Jeremy W. Przybylo, PT, DPT, DMT
Physical therapists are often called upon to evaluate and treat patients with low back pain (LBP). These patients have already been examined and cleared by their physician and referred for physical therapy (PT). Our job as a physical therapist is to evaluate for muscular imbalances that might be lending to a patients pain and dysfunction. As a clinician, we look at the patient’s entire body in order to define areas that might need strengthening. For patients with LBP, we often find that hip weakness may be lending to their problem. What causes hip weakness? There can be many reasons for hip weakness, but some common causes include poor postural habits, disease of the hip joint itself, or nerve problems involving the spine. Hip weakness can lead to functional deficits, such as a limp, that effect your LBP. This article will clearly define some common causes of hip weakness, it’s relation to LBP, and possible treatment options.
Poor postural habits, in a standing position, can easily cause hip weakness. At a young age, people can learn to conserve energy by electing postures that require the least effort. We often discover these positions by observing others or simply discovering the posture on our own. One common standing posture that can lend to hip weakness involves the individual “hanging on one hip”. Individuals will often shift weight to one leg resulting in poor pelvic alignment. This posture results in muscular imbalance and ultimately weakness. These weaknesses can lend to poor stability while walking or performing other dynamic activities. Again, this poor stability can bring about symptoms associated with both LBP and hip pain.
After visiting your physician, you may come to learn that you have a disease involving the hip joint. Osteoarthritis and rheumatoid arthritis are just a few of the very common diagnoses that can lend to hip weakness. While one can argue to no end whether the chicken came before the egg, or vice versa, the fact still remains that these conditions are often accompanied with significant hip weakness. Part of the weakness that develops may be due to a pain avoidance posture. Pain avoidance presents much like the posture described in the previous paragraph. Individuals will shift weight to the pain free leg, again, resulting in poor pelvic alignment and ultimately weakness. Aside from having a total hip replacement, often time there is little that can be done to reverse the effects of arthritic conditions. On the other hand, weakness is something that can always be addressed.
Up to this point, we have outlined different ways hip weakness can increase LBP. It is also likely that your LBP maybe causing hip weakness. If your physician discovers that you have a pinched nerve in the low back (specifically the lumbar spine), the pinched nerve could potentially be causing your hip weakness. In this case, your physician may recommend medical or surgical treatment in adjunct to a comprehensive PT program. Once the pinched nerve has been released, it would then be appropriate to consider strengthening the weakened hip.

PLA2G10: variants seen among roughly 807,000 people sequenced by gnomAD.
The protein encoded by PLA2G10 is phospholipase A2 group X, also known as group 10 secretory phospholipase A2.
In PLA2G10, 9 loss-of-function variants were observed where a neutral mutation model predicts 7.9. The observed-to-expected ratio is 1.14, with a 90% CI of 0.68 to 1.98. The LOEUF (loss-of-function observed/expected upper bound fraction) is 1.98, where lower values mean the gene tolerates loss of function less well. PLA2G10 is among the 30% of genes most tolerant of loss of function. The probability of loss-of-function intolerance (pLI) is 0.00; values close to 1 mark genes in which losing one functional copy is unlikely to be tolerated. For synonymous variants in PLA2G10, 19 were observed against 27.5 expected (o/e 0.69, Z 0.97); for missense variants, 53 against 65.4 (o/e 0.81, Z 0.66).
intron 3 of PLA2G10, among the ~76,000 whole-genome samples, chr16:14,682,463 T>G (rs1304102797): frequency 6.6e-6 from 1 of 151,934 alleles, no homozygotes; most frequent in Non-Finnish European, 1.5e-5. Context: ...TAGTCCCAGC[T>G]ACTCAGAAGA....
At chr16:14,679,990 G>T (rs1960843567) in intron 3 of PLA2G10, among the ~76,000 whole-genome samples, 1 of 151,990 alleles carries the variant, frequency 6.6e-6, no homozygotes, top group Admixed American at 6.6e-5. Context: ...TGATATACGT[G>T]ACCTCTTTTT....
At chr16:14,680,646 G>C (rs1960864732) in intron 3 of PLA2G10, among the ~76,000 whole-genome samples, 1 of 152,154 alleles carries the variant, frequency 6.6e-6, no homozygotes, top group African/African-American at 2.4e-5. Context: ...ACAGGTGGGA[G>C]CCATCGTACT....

If you are suffering from low back or hip pain, it is important to see your physician first. He or she can rule out serious diseases that would require specific medical treatment or surgical intervention. If your physician feels it is safe, you may be referred for PT. It is customary for any patient seeking help from PT to undergo an initial evaluation by a licensed physical therapist. This will allow the therapist to examine your posture, functional status, range of motion, and strength prior to developing a comprehensive treatment program. The therapist may use: modalities to control pain and inflammation, manual/hands-on therapy to improve ROM and manage pain, and exercise to develop strength. The goal is to improve your ability to function with as little deviation and pain as possible.
While hip weakness may be lending to your LBP, there are many other pieces of the puzzle. Once you have addressed your pain and found relief, it will be up to you to help maintain your progress. Depending on your diagnosis, you may need to continue with regular exercise to prevent reoccurrence. This may be done in the form of a home exercise program prescribed by your physician or therapist, or it could be in done in the aquatic environment as well. Treating LBP and hip pain often requires a team approach involving the patient, their physician, and a knowledgeable physical therapist.